Tuesday, March 5, 2019

How do you start on the path of Digital Transformation?

What is Digital Transformation?

Most of the definitions I've found are grandiose, vague and elusive at best. From an implementation perspective, the definition is, IMO, very simple:

Find better ways to use available technology.

I realize that's still pretty vague, but I have some concrete details and examples to show you how you can start addressing this challenge.

How do I start?

The best way we've found to help companies start down the path of Digital Transformation is to create a list of questions that need to be answered. Specifically, we've expanded the definition above to:

Find better ways to use available technology to provide answers to our daily/weekly/monthly questions.

Once we have at least one question that we want to answer, we can identify information or technology gaps in our current environment. For example, an extremely common question among companies is:

How many servers do we own and what is the status of each?

We've found that this seemingly simple question can cause fistfights to break out in a meeting. That's because multiple different departments have different answers, and the true answer has been an elusive quest for a number of years. The goal is to identify the data required to answer the question and the location(s) of that data if available. For example, you may have the beginning of an answer that looks like this:

For the development servers, Jim R. has a manually updated spreadsheet at location XXXX on Sharepoint. 
For the engineering servers, Nancy P. has a homegrown database that only she has access to.
For the website, we think Ashok V. has a spreadsheet that may or may not be up-to-date.

Notice that we don't actually have an answer at all, but we're identifying areas of interest that may get us the information we need. This exercise shows areas where improvement is needed. In this case, it should be apparent that some type of asset discovery and management system is needed to enable us to get a valid answer to the question. What we normally find is that the customer actually owns one (or several) tools that can provide the required function, but no one in the meeting knows about these tools. This usually leads to another question similar to:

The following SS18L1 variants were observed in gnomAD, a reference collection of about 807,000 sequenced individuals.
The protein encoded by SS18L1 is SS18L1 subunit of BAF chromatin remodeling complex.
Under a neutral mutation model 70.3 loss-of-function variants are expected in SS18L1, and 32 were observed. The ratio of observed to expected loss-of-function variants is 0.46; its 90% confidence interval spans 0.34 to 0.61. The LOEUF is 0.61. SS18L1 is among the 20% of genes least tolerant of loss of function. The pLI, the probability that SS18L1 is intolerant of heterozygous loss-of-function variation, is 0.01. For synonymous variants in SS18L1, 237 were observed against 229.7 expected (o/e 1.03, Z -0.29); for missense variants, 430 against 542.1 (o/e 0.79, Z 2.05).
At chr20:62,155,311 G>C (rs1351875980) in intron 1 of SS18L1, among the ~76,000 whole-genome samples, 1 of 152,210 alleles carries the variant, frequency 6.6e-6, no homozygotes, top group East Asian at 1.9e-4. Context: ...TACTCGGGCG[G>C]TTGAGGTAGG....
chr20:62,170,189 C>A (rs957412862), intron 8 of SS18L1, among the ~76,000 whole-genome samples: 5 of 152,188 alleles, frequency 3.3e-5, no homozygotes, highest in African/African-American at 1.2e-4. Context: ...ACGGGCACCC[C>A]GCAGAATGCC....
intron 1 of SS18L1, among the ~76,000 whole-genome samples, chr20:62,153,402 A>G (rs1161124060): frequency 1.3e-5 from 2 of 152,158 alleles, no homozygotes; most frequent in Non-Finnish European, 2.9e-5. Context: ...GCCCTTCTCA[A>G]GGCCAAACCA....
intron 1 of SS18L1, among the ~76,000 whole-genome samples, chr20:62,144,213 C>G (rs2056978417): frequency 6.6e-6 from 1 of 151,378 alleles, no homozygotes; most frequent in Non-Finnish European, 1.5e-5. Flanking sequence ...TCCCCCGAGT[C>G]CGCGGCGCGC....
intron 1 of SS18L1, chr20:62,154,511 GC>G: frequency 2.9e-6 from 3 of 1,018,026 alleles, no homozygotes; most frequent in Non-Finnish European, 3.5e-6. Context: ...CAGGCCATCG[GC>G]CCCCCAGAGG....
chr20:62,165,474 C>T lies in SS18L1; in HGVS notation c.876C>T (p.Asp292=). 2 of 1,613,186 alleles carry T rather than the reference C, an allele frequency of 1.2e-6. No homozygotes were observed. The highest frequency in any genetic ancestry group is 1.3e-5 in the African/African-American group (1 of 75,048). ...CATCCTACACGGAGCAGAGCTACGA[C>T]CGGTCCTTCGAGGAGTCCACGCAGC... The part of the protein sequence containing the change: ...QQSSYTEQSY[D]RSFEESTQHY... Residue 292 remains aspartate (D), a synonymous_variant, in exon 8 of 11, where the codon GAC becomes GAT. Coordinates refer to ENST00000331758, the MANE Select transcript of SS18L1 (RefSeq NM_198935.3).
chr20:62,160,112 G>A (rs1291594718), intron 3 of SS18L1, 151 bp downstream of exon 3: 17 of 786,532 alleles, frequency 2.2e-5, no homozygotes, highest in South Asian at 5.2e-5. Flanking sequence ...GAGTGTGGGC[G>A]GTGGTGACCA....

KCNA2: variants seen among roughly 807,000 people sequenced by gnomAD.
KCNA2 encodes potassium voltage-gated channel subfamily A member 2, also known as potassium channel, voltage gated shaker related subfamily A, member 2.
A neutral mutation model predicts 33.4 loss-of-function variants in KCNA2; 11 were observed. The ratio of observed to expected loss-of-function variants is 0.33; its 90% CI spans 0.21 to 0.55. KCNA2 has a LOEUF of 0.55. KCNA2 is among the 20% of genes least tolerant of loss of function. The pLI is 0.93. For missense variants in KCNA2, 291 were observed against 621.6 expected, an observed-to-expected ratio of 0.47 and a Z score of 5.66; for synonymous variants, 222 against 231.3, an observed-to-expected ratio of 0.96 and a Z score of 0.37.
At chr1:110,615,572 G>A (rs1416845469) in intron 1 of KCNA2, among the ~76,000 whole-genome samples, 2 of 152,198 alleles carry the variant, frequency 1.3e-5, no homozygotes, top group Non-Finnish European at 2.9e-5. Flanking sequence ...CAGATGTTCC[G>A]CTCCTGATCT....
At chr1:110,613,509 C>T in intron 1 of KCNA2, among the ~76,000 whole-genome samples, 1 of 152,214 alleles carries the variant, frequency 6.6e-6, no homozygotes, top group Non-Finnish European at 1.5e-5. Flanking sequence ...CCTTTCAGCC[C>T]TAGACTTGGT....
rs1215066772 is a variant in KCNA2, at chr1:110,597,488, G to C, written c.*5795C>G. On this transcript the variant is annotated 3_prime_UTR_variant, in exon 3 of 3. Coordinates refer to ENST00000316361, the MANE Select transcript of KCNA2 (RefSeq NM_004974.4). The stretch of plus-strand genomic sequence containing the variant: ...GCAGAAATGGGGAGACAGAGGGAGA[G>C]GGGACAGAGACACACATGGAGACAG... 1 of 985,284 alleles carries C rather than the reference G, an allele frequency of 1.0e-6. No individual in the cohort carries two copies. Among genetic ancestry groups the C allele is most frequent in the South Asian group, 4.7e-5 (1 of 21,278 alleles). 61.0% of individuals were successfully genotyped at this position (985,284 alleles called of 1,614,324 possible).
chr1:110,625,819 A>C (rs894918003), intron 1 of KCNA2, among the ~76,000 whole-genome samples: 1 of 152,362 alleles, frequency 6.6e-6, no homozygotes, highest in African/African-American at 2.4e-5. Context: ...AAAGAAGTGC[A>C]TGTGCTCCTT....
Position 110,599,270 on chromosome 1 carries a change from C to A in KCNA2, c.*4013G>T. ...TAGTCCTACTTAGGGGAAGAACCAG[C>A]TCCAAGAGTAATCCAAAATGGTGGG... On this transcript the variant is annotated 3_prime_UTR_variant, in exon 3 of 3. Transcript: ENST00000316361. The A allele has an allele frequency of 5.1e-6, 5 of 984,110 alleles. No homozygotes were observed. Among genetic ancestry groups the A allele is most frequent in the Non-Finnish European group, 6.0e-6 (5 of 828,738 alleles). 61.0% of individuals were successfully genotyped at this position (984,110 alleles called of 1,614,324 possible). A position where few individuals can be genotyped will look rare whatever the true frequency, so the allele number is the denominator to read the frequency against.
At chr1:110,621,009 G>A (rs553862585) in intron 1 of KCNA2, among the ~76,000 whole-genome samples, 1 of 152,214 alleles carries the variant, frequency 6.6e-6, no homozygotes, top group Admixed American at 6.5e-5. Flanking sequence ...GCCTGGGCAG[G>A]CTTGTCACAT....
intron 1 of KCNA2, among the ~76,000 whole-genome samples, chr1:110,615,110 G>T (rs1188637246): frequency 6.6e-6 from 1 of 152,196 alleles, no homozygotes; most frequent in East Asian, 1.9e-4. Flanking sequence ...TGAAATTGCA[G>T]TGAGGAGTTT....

What software do we currently own and what are the capabilities of each title?

And you have to go through the same process as above with this question. I guarantee that it will be frustrating for everyone involved, but this is the process that is absolutely required. 

Further along in the process, as new systems are introduced, the owners of those systems need to be aware of the questions that the system will need to provide answers for so that they can be architected appropriately. For example, any new online system needs to be able to provide data that can answer the following questions:

How many users are actively using the system?
How many failed transactions have occurred in the past (hour/day/week) and which users were affected?
Is the system working properly at this moment and is it accessible to all of my users?

There are literally thousands of other questions that you may have, and part of Digital Transformation is identifying those questions so that the answers can be obtained quickly. And this is where another version of my original definition comes in handy:

Find better ways to use available technology to save time.

You can come up with tons of different reasons to use technology more wisely, and they are all perfectly valid reasons for you to continuously work on your Digital Transformation.

Customizing bash command line completion

What am I talking about?

In the bash shell on Linux, you can type a character or two then hit the TAB key to get a list of the commands that start with those characters. You can do the same to complete the name of a file you're trying to edit or directory you're trying to change to. It turns out that you can customize this command line completion behavior by installing the "bash-completion" package. This package is often installed by default and has been available for several years.

What can you do with bash-completion?